By MICHAEL CAINES
If you can skip past my inept introduction (only a couple of minutes, and then you get to the experts, as previously mentioned on this blog), here's the audio evidence of a discussion I chaired last month at the LSE. The subject of this debate, now a podcast, was The Grapes of Wrath, as well as questions of "wrath" – meaning the kind of righteous anger inspired by, say, extreme social inequality, racism, or sexism, and how it is expressed in literature today. There are novelists working now, somebody insisted, who share Steinbeck's sense of outrage – but could a novel have the same impact now that this book did in 1939?
Thanks to some differences of opinion on the panel itself and some excellent contributions from audience members, it turned out to be a lively and wide-ranging discussion. And it's one that will go on, in other forms and in other places, throughout this seventy-fifth anniversary year, particularly in the state (in Bakersfield and Salinas), where the Joads wind up, the family disintegrating under the sheer impoverishing pressure of the inhuman forces that drive them off their own small patch of Oklahoma.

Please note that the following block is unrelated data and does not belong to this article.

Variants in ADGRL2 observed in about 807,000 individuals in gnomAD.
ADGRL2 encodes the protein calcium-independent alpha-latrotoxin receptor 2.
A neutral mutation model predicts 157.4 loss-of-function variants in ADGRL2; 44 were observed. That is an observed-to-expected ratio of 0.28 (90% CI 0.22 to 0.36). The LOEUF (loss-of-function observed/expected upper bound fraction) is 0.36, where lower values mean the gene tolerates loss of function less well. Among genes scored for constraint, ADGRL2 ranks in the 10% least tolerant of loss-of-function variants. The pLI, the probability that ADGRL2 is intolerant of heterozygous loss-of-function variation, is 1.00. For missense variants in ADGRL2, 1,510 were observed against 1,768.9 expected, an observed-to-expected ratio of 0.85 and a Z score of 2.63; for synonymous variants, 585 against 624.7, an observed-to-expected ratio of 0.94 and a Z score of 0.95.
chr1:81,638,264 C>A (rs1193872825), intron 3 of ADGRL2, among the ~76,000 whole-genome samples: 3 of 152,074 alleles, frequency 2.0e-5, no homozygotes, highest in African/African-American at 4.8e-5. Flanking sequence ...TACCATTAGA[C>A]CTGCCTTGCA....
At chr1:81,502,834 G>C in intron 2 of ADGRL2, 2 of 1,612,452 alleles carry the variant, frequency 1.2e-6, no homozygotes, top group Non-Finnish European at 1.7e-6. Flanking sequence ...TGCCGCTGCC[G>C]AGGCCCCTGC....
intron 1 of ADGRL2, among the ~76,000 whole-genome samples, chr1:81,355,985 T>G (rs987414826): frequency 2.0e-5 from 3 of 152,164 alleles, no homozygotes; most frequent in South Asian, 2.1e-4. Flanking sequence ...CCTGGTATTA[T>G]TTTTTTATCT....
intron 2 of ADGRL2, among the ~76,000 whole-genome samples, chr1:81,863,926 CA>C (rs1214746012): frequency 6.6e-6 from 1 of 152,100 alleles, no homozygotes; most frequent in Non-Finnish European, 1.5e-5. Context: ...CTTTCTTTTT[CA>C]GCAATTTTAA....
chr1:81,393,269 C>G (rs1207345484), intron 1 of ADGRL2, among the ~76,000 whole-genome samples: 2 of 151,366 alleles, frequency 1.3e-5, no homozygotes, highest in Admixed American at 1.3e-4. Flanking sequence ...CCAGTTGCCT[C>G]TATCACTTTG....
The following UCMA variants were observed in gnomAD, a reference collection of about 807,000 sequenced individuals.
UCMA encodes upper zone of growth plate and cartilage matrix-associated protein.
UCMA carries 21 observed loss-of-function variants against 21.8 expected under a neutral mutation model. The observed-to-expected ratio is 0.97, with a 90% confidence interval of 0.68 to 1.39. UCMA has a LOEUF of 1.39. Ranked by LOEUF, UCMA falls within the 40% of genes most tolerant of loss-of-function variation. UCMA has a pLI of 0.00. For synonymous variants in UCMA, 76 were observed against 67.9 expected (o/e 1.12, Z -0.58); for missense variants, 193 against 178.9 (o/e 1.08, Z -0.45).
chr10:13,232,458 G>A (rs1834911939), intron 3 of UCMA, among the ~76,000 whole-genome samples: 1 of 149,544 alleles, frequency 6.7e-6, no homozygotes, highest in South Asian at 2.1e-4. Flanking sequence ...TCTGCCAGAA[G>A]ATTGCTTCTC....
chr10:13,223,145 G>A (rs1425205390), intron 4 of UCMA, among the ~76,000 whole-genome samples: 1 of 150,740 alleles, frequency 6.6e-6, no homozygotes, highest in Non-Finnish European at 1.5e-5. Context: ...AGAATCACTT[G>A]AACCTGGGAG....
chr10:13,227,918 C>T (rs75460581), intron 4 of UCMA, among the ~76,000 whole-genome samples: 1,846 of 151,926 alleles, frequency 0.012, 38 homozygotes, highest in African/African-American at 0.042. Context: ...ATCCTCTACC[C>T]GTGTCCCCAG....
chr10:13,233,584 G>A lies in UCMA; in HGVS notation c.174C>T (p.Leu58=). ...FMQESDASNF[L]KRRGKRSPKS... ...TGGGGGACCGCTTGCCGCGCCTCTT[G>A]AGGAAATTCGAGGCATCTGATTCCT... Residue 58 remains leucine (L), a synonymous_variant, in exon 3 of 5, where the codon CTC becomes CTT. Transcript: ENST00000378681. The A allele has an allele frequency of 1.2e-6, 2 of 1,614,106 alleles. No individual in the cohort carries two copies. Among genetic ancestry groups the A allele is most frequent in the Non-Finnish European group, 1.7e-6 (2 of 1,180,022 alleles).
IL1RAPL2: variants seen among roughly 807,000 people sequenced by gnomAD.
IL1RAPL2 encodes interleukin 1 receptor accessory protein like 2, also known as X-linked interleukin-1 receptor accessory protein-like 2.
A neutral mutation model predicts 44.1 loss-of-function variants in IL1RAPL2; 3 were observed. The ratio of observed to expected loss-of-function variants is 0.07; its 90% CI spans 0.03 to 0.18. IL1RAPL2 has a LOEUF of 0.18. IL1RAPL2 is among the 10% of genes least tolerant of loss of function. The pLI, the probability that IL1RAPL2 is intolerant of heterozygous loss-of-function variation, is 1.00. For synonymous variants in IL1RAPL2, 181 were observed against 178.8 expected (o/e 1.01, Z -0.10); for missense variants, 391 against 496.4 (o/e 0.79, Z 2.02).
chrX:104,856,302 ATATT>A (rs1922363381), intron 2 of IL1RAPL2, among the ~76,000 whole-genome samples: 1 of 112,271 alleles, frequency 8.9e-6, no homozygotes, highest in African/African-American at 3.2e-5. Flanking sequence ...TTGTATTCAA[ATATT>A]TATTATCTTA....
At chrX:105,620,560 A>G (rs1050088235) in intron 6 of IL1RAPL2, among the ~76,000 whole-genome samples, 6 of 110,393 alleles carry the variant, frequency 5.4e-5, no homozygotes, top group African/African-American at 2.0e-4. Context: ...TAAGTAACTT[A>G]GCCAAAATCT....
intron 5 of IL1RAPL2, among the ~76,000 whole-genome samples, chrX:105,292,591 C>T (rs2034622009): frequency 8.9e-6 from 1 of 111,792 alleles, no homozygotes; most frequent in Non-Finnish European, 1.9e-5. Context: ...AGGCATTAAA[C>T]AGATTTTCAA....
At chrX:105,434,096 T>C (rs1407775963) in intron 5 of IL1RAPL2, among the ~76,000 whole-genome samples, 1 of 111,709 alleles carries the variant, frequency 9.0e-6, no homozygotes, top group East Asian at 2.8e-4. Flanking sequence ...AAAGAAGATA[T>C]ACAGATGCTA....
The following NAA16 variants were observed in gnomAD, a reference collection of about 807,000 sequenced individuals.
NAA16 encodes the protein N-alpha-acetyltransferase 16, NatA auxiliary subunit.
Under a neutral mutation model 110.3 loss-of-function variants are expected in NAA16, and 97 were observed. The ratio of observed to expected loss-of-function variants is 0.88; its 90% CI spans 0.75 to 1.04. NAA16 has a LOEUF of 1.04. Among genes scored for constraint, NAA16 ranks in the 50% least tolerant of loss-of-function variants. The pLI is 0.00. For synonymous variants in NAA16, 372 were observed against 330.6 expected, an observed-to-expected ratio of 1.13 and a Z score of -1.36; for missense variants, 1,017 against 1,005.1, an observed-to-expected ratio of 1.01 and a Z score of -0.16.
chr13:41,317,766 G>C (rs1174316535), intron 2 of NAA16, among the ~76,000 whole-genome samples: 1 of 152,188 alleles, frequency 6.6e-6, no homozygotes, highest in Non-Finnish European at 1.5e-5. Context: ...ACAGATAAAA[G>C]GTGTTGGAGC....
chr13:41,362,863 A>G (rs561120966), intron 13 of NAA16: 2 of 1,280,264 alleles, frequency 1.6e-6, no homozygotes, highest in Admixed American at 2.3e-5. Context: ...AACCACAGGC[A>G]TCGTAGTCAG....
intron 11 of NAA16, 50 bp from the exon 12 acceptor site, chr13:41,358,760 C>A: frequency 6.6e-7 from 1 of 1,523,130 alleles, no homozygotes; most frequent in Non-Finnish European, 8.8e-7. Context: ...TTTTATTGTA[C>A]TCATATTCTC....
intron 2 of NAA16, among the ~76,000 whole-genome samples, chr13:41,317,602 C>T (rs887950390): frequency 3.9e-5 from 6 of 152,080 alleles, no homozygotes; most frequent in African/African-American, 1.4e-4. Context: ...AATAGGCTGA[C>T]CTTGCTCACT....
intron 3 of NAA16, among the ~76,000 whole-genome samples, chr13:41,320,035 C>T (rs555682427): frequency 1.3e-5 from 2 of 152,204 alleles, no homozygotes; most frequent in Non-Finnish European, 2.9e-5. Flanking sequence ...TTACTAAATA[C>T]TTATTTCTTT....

Penguin, meanwhile, are reissuing the novel alongside several other Steinbecks. I like Jim Stoddardt's characteristically striking cover designs (here's TLS fiction co-editor Toby Lichtig, by the way, talking about book covers, also at the LSE: Don't Judge a Book by Its Cover); I'm not so sure about their decision, if that's what it was, to reprint the introduction by Robert DeMott without his name attached. But maybe that's a different debate.